“The scene is inspired by the movie,” Midland’s Jess Carson explains in a behind-the-scenes video. “There’s a bad guy and there’s a good guy. The good guy is Mark.”
The video was directed by TK McKamy and Midland’s Cameron Duddy. It was filmed in one continuous shot, showing Midland in the center of the dance floor as couples two-step around them. Mid-set, the bartender and her ex get into a fight on the dance floor and after the man is escorted out of the venue, Wystrach lightens the mood as he walks up to serenade her.
“Burn Out” was written by Midland with Shane McAnally and Josh Osborne. It is the group’s third single from their debut album, On the Rocks, released last year.
Sturgill Simpson and the Head and the Heart are among the artists scheduled to perform at Willie Nelson’s annual Fourth of July Picnic at the Circuit of the Americas in Austin, Texas.
Joining the 2018 lineup are Ryan Bingham, Edie Brickell & New Bohemians, Margo Price, Jamestown Revival, The Wild Feathers, Lukas Nelson & Promise of the Real, Asleep at the Wheel, Particle Kid, Johnny Bush, David Allan Coe, Ray Wylie Hubbard, Billy Joe Shaver, Folk Uke and Raelyn Nelson Band.
The day-long event will culminate with a performance by Willie Nelson & Family. Tickets go on sale Friday (March 9) through Ticketmaster.
Nelson’s next album, Last Man Standing, arrives April 27.
George Strait isn’t known as the “King of Country” for no reason. The influential, iconic and legendary hitmaker has had such an impressive career, and even at 66 years old, he’s still going strong. Strait was born on May 18, 1952, in a town called Poteet, Texas. His Texas influence has been visible throughout his storied career, which began in 1981 with the release of “Unwound.” The following year the singer released the Straight from the Heart album, which included his first No. 1 hit, “Fool Hearted Memory.”
You Think You Know George Strait?
Country music is a wide genre and that’s OK I don’t even know what genre this record is but I know it’s me
There is something about the way Ashley Monroe delivers a song that makes you fall head first into every note. Her television debut of “Hands on You” on Late Night with Seth Meyers on Monday (May 14) sucked viewers in. The seductive and sensual masterpiece is off Monroe’s brand new album Sparrow, which perfectly serves as a representation of the woman Monroe has grown into being both personally and professionally. “Country music is a wide genre, and that’s OK,” Monroe says of her new project. “I don’t even know what genre this record is, but I know it’s me.”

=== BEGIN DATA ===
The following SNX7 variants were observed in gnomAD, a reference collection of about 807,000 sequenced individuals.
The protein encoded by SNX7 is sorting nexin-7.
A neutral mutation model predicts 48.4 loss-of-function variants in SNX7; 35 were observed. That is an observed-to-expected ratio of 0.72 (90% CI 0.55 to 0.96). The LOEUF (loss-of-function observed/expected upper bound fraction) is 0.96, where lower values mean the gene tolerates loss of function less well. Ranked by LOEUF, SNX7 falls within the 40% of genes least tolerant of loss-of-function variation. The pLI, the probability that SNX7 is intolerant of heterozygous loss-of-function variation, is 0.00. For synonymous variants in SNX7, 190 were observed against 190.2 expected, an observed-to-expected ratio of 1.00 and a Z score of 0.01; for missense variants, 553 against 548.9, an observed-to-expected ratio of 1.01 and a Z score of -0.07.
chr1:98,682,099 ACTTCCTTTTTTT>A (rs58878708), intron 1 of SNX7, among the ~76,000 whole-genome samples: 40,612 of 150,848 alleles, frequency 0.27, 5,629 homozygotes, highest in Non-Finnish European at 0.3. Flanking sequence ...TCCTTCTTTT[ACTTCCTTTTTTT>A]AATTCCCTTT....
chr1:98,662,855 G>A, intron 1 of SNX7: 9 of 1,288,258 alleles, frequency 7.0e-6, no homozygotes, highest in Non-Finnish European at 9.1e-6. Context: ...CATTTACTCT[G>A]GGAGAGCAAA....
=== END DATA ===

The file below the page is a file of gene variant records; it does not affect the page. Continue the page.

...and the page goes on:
Monroe heads to the Country Music Hall of Fame and Museum on June 9 to participate as part of their popular Songwriter Session series. During the appearance, Monroe will not only sing songs from the new album, including “Hands on You,” but also be interviewed about her songwriting philosophies. The other thing that has Monroe on everyone’s radar is the likely possibility of her joining forces again with her Pistol Annies bandmates Miranda Lambert and Angaleena Presley. In March,the trio whet fans’ appetites with a mini-reunion at a Kentucky stop on Lambert’s Livin’ Like Hippies Tour. The group — radio songs include “Hell on Heels” and “Takin’ Pills” — have been dropping many a hint that they just might be about to release new music.
Shy Carter, Matthew McGinn and Lindsay Rimes wrote “Heaven,” a romantic song that Brown released as the fourth single from his self-titled debut album. Brown’s previous single, “What Ifs,” gave him his first-ever No. 1 hit when he recorded it as a duet with Lauren Alaina, and “Heaven” currently resides at No. 2 on Billboard‘s Country Airplay chart.
Brown’s recording mingles a finger-snapping slow jam with traditional country instruments. Home Free put their own unique stamp on the song, retaining the overall feel, but stripping away the instrumentation in favor of their signature smooth harmony blend.
“We often get asked how we choose which songs we want to put our stamp on, and it always comes back to finding something that inspires each one of us, whether it be something sonically or lyrically,” Home Free bass singer Tim Foust says in a press release. “Kane’s voice is so unique and he’s definitely one of our favorite new artists in the genre, so this felt like a perfect fit.”
Home Free rose to fame in 2013 after winning the fourth season of The Sing-Off . The vocal group recently launched the second leg of their Timeless Tour, which runs into early summer to promote their 2017 album of the same name.